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We live in an age of recovery. There’s the economic recovery, of course—it’s been trudging along for a half-decade now, though it hardly feels like it. More than any time in history, we seem collectively dedicated to identifying and repairing all the ways our familial and childhood traumas twist our everyday lives. Many of us are—or know people who are—recovering from illness (alcoholism, drug addiction, cancer) or struggling with compulsions, like gambling or hoarding Pumpkin Spice Oreos every fall. What do we know about recovery? It tends to take forever, and as anyone who has blown through their resolutions by MLK Day can attest, it rarely moves in a forward direction. Also, recovery is hilariously funny, though it never seems that way at the time.
So it is for the greatest American movie about the recovery movement, Stuart Saves His Family, a film so phenomenally unpopular when it came out that it ranks on the bottom of the list of unprofitable movies based on SNL sketches (truly a remarkable accomplishment). But it’s also the most artistically ambitious film on that list, and certainly the darkest and most intensely thematic.
Indeed, is it possible to make a domestic drama out of a reoccurring character on a late-night variety show? Because while Stuart Saves His Family is both uproariously and sublimely funny, it is also an incredibly truthful and unflinching portrait of American family life. It’s a terrifically odd mash-up more befitting an indie: imagine the searing honesty of Ordinary People crossed with the broad comedy and tenderness of A Christmas Story.
There’s also no more perfect movie for New Year’s, that time when we tend to baptize ourselves with affirmations and personal pep talks. For starters, it’s an ideal remedy for the PTSD that comes with surviving that three-month period where our families and the world are pressed hard against our noses, whether we asked for it or not. Or as Stuart puts it, “Alcoholism is a three-fold disease—Thanksgiving, Christmas and New Year’s.”
For Stuart, a sexually ambiguous recovering overeater and “rageaholic” with a failing Chicago cable access show, family is the original sin. His father is an alcoholic who comes from a long line of men who get drunk and fall off roofs; his mother is a cowering, ham-glazing enabler; his brother is a shiftless drunk and pothead; his sister is overweight and prone to abusive husbands. When a beloved aunt dies, Stuart is pulled into the spiral of their collective unexamined pain. Are his army of sponsors and storehouse of aphorisms (“It’s easier to put on slippers than to carpet the whole world”) enough to keep his delicate progress from imploding?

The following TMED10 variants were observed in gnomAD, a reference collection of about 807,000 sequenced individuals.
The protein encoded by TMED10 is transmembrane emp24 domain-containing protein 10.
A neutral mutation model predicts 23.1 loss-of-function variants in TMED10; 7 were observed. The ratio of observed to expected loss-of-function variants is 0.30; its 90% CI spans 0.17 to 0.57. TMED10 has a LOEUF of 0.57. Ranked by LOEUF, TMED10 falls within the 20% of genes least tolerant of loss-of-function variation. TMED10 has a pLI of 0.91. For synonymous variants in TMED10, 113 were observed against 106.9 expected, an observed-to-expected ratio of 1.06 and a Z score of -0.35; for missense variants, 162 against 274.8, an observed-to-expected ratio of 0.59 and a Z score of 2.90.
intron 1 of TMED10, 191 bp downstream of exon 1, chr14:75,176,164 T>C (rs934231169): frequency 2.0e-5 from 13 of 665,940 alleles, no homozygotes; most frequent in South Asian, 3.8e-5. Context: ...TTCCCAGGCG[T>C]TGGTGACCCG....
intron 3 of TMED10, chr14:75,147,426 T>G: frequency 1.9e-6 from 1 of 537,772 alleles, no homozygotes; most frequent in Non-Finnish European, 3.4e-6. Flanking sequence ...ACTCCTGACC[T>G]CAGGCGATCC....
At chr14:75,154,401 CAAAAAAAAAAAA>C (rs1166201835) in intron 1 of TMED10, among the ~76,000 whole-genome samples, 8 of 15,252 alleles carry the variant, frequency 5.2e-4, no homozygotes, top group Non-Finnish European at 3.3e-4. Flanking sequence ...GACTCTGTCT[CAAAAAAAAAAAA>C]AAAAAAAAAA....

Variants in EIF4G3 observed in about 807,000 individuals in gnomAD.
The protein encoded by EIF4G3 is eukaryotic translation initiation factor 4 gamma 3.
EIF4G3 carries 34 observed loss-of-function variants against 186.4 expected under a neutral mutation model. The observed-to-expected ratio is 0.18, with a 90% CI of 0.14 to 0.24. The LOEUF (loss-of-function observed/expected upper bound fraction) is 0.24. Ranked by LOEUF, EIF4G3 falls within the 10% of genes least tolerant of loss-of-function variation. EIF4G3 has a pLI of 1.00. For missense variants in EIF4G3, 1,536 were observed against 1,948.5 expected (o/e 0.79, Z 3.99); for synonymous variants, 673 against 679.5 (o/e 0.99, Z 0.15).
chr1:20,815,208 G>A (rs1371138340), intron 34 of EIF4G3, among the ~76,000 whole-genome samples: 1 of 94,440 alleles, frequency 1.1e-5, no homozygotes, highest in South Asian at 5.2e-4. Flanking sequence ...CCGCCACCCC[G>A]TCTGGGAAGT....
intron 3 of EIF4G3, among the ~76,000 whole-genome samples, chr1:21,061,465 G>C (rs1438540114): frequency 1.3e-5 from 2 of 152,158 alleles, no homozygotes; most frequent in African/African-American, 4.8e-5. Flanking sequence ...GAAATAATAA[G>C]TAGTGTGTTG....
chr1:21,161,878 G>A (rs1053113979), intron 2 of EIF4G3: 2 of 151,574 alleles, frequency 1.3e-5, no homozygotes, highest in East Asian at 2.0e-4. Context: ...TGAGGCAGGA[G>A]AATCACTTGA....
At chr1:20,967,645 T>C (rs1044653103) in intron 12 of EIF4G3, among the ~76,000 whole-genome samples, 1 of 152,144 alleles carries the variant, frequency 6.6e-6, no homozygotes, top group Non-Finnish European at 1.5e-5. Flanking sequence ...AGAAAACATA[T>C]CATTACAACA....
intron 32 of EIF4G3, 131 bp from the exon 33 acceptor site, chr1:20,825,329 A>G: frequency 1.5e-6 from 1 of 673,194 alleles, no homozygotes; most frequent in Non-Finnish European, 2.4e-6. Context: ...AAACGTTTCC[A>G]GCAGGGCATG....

The film marked the first and last starring role for Al Franken, and guided by his own script and his director, the late Harold Ramis, he’s wonderful in the part. His Stuart is never a topic of derision, and while the portrayal can be broad and clownish, it is also deep and knowing. It was the aching sincerity of the character—as well as the film’s dark and untidy ending—that lead to its unjust undoing. But oh what a glorious failure: if Stuart Saves His Family had not flopped, Franken would not have written Rush Limbaugh Is a Big Fat Idiot; he would not have gotten into political radio; he would not have then segued into politics, beating Norm Coleman for the U.S. Senate seat from Minnesota by 255 votes in 2008, a job Franken has held onto ever since. As something Stuart should have said but never did, Sometimes setbacks are triumphs in disguise.
It is also worth noting that for people who are in recovery, Stuart Saves His Family provides the perfect pep talk. It’s a necessary reminder that the mission you’ve undertaken is noble, necessary, difficult, absurd, and really very funny. As for New Year’s, it’s also helpful to remember something Stuart actually did say: “When it comes to partying, nobody gets down like people in recovery.”